When Lubinsky brought in Portland, Maine-based Diversified Business Communications to run the show in 2002, he wanted to find something else for Koegel, who, in the meantime, had gone on to work at Sabra Foods and helped grow it from a $7 million business to the mammoth Pepsi-owned corporation that it is today. When he heard in 2006 that the OU was looking for someone to do public relations, he knew it wasn’t another rabbi they needed, but Koegel.
With the OU’s considerable stature in the kosher certification field, though, why is it necessary to have someone on staff to drum up new business? “In the past, we rarely did marketing, and it was almost a matter of pride for us,” explained Rabbi Menachem Genack, the soft-spoken CEO of OU Kosher who chatted with me as he checked his daily barrage of emails, many of which are from rabbinic field representatives—the mashgichim, or the foot soldiers around the globe ensuring each kosher-certified company is adhering to OU standards. “But while it’s true most companies who know about kosher also know about the OU symbol, there’s also a finite number of companies who know about kosher itself.”
Elefant added: “Some executives think they know about the concept and say, ‘Kosher, sure: Gimme two of them,’ ” as if “kosher” was a thing they could order. Despite its increasing prevalence in the world today, kosher still remains a vague, perplexing notion to many, especially outside major metropolitan areas where there are concentrated Jewish populations. Some still believe in the antiquated canard, perpetuated by white supremacist groups and other anti-Semites, that those mysterious kosher symbols funnel extra taxes into the hands of greedy Zionist Jews, and Koegel reports that many people she speaks with ask when the rabbi can visit and bless their products—isn’t that, they inquire, what being kosher entails? “I think it really helps that we have Phyllis to interface with some executives who know so little about kosher that they think rabbis have to do some kind of voodoo magic,” said Elefant. “The fact that we have Phyllis, who can go in to meet with them and be very personable and friendly, is very welcoming for them.”
Recently, Koegel has been working with various trade commissions from European countries to arrange for trade missions of U.S. food buyers to attend food trade events abroad, which she attends to market the potential of kosher certification. If a trade commission is convinced of the feasibility of certification, it will connect its country’s food production and manufacturing companies to Koegel so she can have direct access to markets she might not have been able to previously reach. A spring trip to Italy with the trade mission introduced Italian food manufacturers to the opportunities for export to the United States, which Koegel convinced them would be noticeably enhanced by obtaining OU kosher certification.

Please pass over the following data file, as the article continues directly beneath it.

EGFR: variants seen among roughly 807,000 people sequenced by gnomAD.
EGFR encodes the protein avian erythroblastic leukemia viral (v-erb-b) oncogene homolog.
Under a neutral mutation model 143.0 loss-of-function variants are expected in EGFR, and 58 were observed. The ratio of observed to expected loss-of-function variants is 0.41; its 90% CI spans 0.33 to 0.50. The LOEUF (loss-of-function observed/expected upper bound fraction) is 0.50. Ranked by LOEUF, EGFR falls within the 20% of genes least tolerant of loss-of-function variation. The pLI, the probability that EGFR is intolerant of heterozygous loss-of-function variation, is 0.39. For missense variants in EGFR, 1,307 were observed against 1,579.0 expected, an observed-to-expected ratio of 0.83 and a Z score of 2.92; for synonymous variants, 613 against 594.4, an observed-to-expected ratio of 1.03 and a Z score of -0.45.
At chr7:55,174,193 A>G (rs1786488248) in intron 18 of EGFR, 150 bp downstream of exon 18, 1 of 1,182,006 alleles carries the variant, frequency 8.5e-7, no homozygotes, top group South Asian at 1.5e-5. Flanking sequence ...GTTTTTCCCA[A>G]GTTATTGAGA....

The money brought in by OU Kosher helps fund a variety of social and communal initiatives: NCSY, the national youth organization; public advocacy work, much of it addressing the exorbitant cost of Jewish day school; and Yachad, which assists those in the Jewish community with developmental disabilities. “I’m proud that my strengths can help so many,” Koegel said. But few know that it’s the OU’s kashrut division that funds those programs, and others. And even fewer people know of Koegel’s behind-the-scenes role.
But a few years ago, on a trip to Las Vegas with a friend, she spent a Shabbos meal with a rabbi who worked for NCSY’s West Coast Region, to which Las Vegas belongs. “When he found out what I do, he looked at me and said, ‘Without you, I wouldn’t have a job. Thank you,’ ” remembered Koegel. “It was the nicest thing I ever heard.”
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Tova Ross is a freelance writer whose work has appeared in the New York Times, Los Angeles Times, and Huffington Post, and she is also a contributing blogger to Kveller.com. She lives in New Jersey with her family. Follow her on Twitter @tovamos
Tova Cohen is a fundraising communications professional and freelance writer. She lives with her family in New Jersey.